Avignon.—CITY.—Avignon, written in the form of Avennio in the ancient texts and inscriptions, takes its name from the House, or Clan, Avennius [d’Arbois de Jubainville, “Recherches sur l’origine de la propriete fonciere et des nouns des lieux habits en France” (Paris, 1890), 518]. Founded by the Cavari, who were of Celtic origin, it became the center of an important Phocan colony from Marseilles. Under the Roman occupation, it was one of the most flourishing cities of Gallia Narbonensis; later, and during the inroads of the barbarians, it belonged in turn to the Goths, the Burgundians, the Ostrogoths, and to the Frankish kings of Austrasia. In 736 it fell into the hands of the Saracens, who were driven out by Charles Martel. Boso having been proclaimed King of Provence, or of Arles, by the Synod of Mantaille, at the death of Louis the Stammerer (879), Avignon ceased to belong to the Frankish kings. In 1033, when Conrad II fell heir to the Kingdom of Arles, Avignon passed to the empire. The German rulers, however, being at a distance, Avignon took advantage of their absence to set up as a republic with a consular form of government, between 1135 and 1146. In addition to the emperor, the Counts of Forcalquier, Toulouse, and Provence exercised a purely nominal sway over the city; on two occasions, in 1125, and in 1251, the two latter divided their rights in regard to it, while the Count of Forcalquier resigned any that he possessed to the bishops and consuls in 1135. During the crusade against the Albigenses the citizens refused to open the gates of Avignon to Louis VIII and the legate, but capitulated after a three months’ siege (June 10—September 13, 1226) and were forced to pull down the ramparts and fill up the moat of their city. Philip the Fair, who had inherited from his father all the rights of Alphonse de Poitiers, last Count of Toulouse, made them over to Charles II, King of Naples and Count of Provence (1290); it was on the strength of this donation that Queen Joan sold the city to Clement VI for 80,000 florins (June 9, 1348).
Avignon, which at the beginning of the fourteenth century was a town of no great importance, underwent a wonderful development during the residence there of nine popes, Clement V—Benedict XIII, inclusively. To the north and south of the rock of the Doms, partly on the site of the Bishop’s Palace, which had been enlarged by John XXII, rose the Palace of the Popes, in the form of an imposing fortress made up of towers, linked one to another, and named as follows: De la Campane, de Trouillas, de la Glaciere, de Saint-Jean, des Saints-Anges (Benedict XII), de la Cache, de la Garde-Robe (Clement VI), de Saint-Laurent (Innocent VI). The Palace of the Popes belongs, by its severe architecture, to the Gothic art of the South of France; other noble examples are to be seen in the churches of St. Didier, St. Peter, and St. Agricola, in the Clock Tower, and in the fortifications built between 1349 and 1368 for a distance of some three miles, and flanked by thirty-nine towers, all of which were erected or restored by popes, cardinals, and great dignitaries of the court. On the other hand, the execution of the frescoes which adorn the interiors of the papal palace and of the churches of Avignon was entrusted almost exclusively to artists from Sienna.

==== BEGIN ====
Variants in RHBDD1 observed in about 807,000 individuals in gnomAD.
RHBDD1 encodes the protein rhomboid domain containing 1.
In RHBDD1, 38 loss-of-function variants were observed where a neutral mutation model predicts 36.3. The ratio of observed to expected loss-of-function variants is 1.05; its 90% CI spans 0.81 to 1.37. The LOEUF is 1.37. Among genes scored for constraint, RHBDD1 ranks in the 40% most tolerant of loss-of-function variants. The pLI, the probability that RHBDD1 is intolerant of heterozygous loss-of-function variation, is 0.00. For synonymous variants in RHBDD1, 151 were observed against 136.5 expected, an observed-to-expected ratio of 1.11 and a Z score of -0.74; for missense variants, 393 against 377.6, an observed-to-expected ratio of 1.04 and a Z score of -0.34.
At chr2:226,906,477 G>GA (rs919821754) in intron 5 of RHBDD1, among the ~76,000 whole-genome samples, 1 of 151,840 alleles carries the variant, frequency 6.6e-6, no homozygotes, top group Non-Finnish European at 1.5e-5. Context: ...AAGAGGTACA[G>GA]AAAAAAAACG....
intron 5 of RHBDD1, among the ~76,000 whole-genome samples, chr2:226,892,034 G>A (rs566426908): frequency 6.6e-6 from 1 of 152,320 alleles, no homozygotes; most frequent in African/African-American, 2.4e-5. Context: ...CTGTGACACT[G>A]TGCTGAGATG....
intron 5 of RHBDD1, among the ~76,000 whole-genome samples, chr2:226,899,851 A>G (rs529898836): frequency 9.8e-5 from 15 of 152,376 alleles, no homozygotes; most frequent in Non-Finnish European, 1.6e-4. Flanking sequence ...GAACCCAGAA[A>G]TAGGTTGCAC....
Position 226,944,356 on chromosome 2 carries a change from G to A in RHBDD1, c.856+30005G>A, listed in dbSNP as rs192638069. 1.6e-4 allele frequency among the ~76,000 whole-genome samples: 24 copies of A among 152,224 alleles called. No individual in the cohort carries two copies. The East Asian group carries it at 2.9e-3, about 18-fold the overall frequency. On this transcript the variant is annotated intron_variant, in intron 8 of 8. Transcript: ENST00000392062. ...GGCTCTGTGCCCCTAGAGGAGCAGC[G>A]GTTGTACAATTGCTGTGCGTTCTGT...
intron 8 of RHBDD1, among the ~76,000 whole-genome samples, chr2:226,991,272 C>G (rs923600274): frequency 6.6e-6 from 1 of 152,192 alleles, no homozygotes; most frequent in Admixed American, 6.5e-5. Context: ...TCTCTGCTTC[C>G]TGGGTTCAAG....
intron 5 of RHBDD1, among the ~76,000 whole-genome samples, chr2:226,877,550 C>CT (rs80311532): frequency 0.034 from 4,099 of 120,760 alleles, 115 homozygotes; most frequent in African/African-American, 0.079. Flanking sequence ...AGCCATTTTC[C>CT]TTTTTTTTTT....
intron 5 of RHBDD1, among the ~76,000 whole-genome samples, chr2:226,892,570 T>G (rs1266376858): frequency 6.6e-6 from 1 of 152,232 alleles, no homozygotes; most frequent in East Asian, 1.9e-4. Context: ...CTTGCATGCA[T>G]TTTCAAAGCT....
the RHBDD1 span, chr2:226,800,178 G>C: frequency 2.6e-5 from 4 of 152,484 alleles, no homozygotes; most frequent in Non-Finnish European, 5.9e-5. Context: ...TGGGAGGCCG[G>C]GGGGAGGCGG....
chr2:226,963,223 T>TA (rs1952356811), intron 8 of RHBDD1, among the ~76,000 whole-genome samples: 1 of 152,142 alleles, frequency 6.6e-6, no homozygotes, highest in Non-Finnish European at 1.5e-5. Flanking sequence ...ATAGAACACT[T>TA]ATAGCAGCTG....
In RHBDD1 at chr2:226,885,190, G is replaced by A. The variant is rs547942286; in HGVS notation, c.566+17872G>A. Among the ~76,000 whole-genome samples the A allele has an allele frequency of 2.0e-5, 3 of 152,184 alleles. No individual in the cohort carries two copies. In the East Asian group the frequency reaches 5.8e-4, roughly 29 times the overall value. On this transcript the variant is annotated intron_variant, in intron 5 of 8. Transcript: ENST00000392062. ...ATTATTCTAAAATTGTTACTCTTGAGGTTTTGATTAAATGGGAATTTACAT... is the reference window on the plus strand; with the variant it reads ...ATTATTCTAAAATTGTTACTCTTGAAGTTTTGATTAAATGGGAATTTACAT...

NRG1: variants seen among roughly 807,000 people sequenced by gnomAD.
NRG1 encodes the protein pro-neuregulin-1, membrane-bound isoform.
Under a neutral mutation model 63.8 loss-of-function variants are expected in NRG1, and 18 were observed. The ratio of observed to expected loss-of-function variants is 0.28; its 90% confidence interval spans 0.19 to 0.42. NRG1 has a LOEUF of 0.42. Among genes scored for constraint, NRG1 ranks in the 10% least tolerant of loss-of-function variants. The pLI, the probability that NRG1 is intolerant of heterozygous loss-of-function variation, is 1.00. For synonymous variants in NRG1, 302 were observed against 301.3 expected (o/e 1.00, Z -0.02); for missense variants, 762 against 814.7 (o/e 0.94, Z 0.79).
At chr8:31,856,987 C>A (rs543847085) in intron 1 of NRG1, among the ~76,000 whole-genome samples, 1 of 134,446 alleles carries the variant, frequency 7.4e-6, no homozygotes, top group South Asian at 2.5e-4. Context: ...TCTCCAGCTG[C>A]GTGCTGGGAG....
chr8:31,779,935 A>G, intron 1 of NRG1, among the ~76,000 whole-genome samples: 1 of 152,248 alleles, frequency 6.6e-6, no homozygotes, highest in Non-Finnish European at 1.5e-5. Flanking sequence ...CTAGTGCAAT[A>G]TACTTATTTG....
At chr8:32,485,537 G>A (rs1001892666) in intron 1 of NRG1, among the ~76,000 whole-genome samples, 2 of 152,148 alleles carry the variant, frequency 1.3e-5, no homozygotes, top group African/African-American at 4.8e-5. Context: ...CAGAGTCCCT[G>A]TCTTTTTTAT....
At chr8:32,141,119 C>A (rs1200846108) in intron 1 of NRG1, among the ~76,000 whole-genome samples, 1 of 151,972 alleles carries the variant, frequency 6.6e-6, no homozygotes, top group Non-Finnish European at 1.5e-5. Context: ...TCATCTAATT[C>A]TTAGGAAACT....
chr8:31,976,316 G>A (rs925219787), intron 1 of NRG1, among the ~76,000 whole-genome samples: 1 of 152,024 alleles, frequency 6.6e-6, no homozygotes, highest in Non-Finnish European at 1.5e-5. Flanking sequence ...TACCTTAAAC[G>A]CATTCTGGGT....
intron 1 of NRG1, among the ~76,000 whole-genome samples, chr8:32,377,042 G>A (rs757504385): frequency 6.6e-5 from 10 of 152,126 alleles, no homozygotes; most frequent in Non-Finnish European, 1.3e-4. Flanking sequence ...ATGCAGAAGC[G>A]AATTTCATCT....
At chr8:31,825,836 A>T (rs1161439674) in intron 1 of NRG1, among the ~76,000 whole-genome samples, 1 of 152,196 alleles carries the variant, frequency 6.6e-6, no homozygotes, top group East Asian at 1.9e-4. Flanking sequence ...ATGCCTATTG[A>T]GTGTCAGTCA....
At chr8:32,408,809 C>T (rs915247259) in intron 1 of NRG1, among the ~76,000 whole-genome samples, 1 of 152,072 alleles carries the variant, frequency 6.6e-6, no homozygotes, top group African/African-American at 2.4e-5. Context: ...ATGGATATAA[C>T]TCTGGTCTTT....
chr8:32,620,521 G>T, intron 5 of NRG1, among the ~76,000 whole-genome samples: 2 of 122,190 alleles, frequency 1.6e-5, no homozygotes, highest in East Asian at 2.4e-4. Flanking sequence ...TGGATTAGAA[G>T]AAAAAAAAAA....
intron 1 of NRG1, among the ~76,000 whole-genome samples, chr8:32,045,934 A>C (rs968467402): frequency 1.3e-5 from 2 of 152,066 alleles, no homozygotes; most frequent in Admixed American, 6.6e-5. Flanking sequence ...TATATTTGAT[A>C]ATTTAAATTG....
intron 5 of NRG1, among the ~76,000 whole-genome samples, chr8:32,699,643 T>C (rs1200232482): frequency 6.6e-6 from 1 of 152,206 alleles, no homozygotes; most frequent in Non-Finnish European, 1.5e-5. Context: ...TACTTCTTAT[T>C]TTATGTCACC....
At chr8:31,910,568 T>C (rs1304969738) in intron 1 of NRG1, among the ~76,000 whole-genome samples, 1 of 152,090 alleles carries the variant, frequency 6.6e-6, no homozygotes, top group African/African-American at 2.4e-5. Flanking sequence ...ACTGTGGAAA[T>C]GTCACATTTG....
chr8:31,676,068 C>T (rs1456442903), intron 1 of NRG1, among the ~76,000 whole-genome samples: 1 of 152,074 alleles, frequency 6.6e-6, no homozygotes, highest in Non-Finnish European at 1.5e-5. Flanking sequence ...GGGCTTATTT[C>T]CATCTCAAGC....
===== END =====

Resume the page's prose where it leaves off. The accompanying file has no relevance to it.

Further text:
The popes were followed to Avignon by agents (factores) of the great Italian banking-houses, who settled in the city. They acted as money-changers, as intermediaries between the Apostolic Chamber and its debtors, living in the most prosperous quarters of the city, which was known as the Exchange. A crowd of traders of all kinds brought to market the products necessary to the maintenance of a numerous court and of the visitors who flocked to it; grain and wine from Provence, from the south of France, the Roussillon, and the country round Lyons. Fish was brought from places as distant as Brittany; cloths, rich stuffs, and tapestries came from Bruges and Tournai. We need only glance at the account-books of the Apostolic Chamber, still kept in the Vatican archives, in order to judge of the trade of which Avignon became the center. The university founded by Boniface VIII in 1303, had a good many students under the French popes, drawn thither by the generosity of the sovereign pontiffs, who rewarded them with books or with benefices.
After the restoration of the Holy See in Rome, the spiritual and temporal government of Avignon was entrusted to a legate, the cardinal-nephew, who was replaced, in his absence by a vice-legate. When, however, Innocent XII abolished nepotism, he did away with the office of legate, and handed over the government of the Pontifical States to the Congregation of Avignon (1692), which resided at Rome, with the Cardinal Secretary of State as prefect, and exercised its jurisdiction through the vice-legate. This congregation, to which appeals were made from the decisions of the vice-legate, was united to the Congregation of Loretto; in 1774 the vice-legate was made president, thus depriving it of almost all authority. It was done away with under Pius VI.
The Public Council, composed of 48 councillors chosen by the people, four members of the clergy, and four doctors of the university, met under the presidency of the viguier, or chief magistrate, nominated, for a year, by the legate or vice-legate. Their duty was to watch over the material and financial interests of the city; their resolutions, however, were to be submitted to the vice-legate for approval before being put in force. Three consuls, chosen annually by the Council, had charge of the administration of the streets.
From the fifteenth century onward it became the policy of the Kings of France to unite Avignon to their kingdom. In 1476, Louis XI, annoyed that Giuliano della Rovere should have been made legate, rather than Charles of Bourbon, caused the city to be occupied, and did not withdraw his troops until after his favorite had been made a cardinal. In 1536 Francis I invaded the papal territory, in order to drive out Charles V, who held Provence. In return for the reception accorded him by the people of Avignon, Francis granted them the same privileges as those enjoyed by the French, that, especially, of being eligible to offices of state. Henry III made a fruitless attempt to exchange the Marquisate of Salutes for Avignon, but Gregory XIII would not agree to it (1583). In 1663, Louis XIV, in consequence of an attack, led by the Corsican Guard, on the attendants of the Due de Crequi, his ambassador in Rome, seized Avignon, which was declared an integral part of the Kingdom of France by the Parliament of Provence. Nor was the sequestration raised until after Cardinal Chigi had made an apology (1664). Another attempt at occupation made in 1688, without success, was followed by a long period of peace, lasting till 1768.